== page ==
Volume 31



Musicians combine for spring instrumental concert

Musicians prepare before the concert teaser on Thursday, May 4.

On May 5, members of the instrumental and choral music programs convened in the Saperstein Theater to showcase their talent.  With performances from multiple ensembles, the concert displayed the musicians as a unified community.

Symphony violist Alice Lee ’27 truly felt the bond between her classmates throughout the process of preparing for the concert and performing.  She felt that her ensemble’s overall friendship led to an improved quality of playing, as opposed to other experiences where her group was less united. 

“In the previous performances, I didn’t feel as much of a connection with my orchestra mates,” Lee said.  “I really got to know my classmates this year, and I think that gave us a stronger connection onstage.”

In contrast to past performances, the Symphony ensemble, comprised of string and wind instruments, combined with the Madrigals choir to present one of their songs, “Summertime.”  With the addition of singers to the concert which is normally solely instrumental, the concert provided a chance for artists of all media to experience each others’ talents.

“It was really fun for [Paul] Keilbach to conduct the orchestra and have that interaction between groups,” performing arts teacher Starr Wayne said.

Brando Bowse ’26, a baritone bass of the Madrigals choir, thoroughly enjoyed performing with the Symphony ensemble.  

“Performing with the symphony was absolutely amazing,” Bowse said.  “I loved working with them because they are truly great at what they do.”

With the concert theme “One Voice: A Celebration of Community,” the instrumental music teachers aimed to recognize that the school community is still recovering from COVID-19.  They viewed the performance as a chance to revel in the fact that the middle school musicians can congregate and share their talents once again.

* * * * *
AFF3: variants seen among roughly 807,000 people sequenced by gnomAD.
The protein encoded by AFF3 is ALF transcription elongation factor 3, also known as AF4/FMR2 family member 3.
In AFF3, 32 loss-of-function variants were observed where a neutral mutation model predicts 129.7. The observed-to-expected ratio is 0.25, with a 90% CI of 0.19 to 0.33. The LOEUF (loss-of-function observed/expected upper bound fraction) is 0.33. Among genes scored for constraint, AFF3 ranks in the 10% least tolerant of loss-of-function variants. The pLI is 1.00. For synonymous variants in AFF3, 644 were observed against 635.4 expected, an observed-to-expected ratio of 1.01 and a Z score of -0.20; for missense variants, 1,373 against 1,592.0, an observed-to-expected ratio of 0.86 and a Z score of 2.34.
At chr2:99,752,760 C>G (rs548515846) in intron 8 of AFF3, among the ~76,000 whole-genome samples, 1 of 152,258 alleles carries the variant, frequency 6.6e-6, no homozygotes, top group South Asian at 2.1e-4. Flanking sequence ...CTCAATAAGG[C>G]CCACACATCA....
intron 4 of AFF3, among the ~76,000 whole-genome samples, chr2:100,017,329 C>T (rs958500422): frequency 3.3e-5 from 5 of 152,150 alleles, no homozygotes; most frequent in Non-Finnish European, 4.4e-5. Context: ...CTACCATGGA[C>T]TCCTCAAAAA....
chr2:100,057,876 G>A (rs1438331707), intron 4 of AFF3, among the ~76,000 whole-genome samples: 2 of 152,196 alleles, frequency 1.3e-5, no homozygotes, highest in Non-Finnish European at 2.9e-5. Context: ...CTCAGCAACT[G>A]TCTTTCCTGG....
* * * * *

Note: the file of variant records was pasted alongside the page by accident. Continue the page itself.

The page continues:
“I think everyone is still getting over COVID-19,” Wayne said.  “It almost seems like this is the first time we’re performing again.”

The week following the winter concert, the instrumental music teachers began to plan for the spring performance by choosing and introducing new music to the ensembles.  The conductors aimed to find pieces that provided a decent challenge while also fostering a love of music in the students.  In terms of variety, the teachers included songs with many tones to portray multiple emotions and chose music from composers of differing backgrounds.

“You don’t want every song to sound the same,” performing arts teacher Starr Wayne said.  “You want there to be a mix of style and feel, and you want music from composers of different backgrounds.” 

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Tali Gurule
Tali Gurule, Editor
Tali Gurule ’27 is an editor and reporter on the Spectrum. Gurule is passionate about news reporting. “I love uncovering compelling stories and sharing them with the Harvard-Westlake community,” Gurule said. Gurule also co-writes Wolverweek, a weekly column about life at the Middle School. Gurule enjoys many leadership positions at Harvard-Westlake. In addition to being editor of the Spectrum, she is co-chair of the student ambassador program and a leader of LAHSO and JCAAC.
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